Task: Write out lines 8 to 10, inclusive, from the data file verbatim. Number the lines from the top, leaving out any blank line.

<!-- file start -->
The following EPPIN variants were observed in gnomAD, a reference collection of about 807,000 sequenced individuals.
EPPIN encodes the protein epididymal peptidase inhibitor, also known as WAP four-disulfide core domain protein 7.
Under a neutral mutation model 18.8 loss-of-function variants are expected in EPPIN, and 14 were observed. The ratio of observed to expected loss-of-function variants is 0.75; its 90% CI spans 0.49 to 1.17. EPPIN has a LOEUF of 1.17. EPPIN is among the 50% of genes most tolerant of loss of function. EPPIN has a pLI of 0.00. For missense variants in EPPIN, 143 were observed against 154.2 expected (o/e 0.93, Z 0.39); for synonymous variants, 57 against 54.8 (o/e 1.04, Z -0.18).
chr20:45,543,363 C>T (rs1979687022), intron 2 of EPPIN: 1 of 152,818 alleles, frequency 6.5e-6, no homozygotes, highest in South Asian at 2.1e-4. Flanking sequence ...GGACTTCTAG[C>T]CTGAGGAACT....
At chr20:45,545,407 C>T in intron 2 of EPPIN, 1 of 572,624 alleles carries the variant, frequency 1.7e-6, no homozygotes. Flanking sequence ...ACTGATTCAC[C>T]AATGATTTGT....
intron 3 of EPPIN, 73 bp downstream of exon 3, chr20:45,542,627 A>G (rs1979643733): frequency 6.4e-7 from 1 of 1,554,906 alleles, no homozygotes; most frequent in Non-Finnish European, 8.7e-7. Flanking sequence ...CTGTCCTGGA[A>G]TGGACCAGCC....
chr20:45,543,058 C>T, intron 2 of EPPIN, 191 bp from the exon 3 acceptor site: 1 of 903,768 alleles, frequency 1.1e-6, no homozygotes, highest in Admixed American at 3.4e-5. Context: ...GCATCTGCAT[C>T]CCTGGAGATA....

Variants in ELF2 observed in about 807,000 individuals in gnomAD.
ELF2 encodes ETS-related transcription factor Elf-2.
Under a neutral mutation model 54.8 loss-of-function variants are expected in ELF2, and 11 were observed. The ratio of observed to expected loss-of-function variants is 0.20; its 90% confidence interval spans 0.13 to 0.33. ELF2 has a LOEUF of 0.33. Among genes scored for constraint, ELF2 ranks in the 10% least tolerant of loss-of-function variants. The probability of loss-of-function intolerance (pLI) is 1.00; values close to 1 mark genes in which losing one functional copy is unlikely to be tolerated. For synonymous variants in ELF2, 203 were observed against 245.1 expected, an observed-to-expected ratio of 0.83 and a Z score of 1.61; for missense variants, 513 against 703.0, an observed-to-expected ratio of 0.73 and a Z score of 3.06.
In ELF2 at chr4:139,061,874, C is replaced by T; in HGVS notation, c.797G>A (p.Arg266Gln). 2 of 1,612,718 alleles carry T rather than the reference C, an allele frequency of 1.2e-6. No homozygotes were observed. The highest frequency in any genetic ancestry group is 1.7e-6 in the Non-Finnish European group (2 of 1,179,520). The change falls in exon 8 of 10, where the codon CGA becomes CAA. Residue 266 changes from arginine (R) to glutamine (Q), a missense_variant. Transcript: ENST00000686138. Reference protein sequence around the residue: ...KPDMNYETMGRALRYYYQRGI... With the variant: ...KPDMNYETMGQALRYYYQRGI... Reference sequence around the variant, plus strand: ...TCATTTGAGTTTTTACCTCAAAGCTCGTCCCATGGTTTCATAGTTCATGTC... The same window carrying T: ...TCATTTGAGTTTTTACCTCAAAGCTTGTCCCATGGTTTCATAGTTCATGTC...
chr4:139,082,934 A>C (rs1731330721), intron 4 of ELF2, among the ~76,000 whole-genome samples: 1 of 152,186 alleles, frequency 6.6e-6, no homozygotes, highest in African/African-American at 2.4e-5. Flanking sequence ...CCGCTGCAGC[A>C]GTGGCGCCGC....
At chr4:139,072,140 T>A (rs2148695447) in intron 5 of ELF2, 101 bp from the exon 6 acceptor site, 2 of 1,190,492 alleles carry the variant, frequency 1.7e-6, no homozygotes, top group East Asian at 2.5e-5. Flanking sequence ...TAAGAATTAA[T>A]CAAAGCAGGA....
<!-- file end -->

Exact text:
Variants in ELF2 observed in about 807,000 individuals in gnomAD.
ELF2 encodes ETS-related transcription factor Elf-2.
Under a neutral mutation model 54.8 loss-of-function variants are expected in ELF2, and 11 were observed. The ratio of observed to expected loss-of-function variants is 0.20; its 90% confidence interval spans 0.13 to 0.33. ELF2 has a LOEUF of 0.33. Among genes scored for constraint, ELF2 ranks in the 10% least tolerant of loss-of-function variants. The probability of loss-of-function intolerance (pLI) is 1.00; values close to 1 mark genes in which losing one functional copy is unlikely to be tolerated. For synonymous variants in ELF2, 203 were observed against 245.1 expected, an observed-to-expected ratio of 0.83 and a Z score of 1.61; for missense variants, 513 against 703.0, an observed-to-expected ratio of 0.73 and a Z score of 3.06.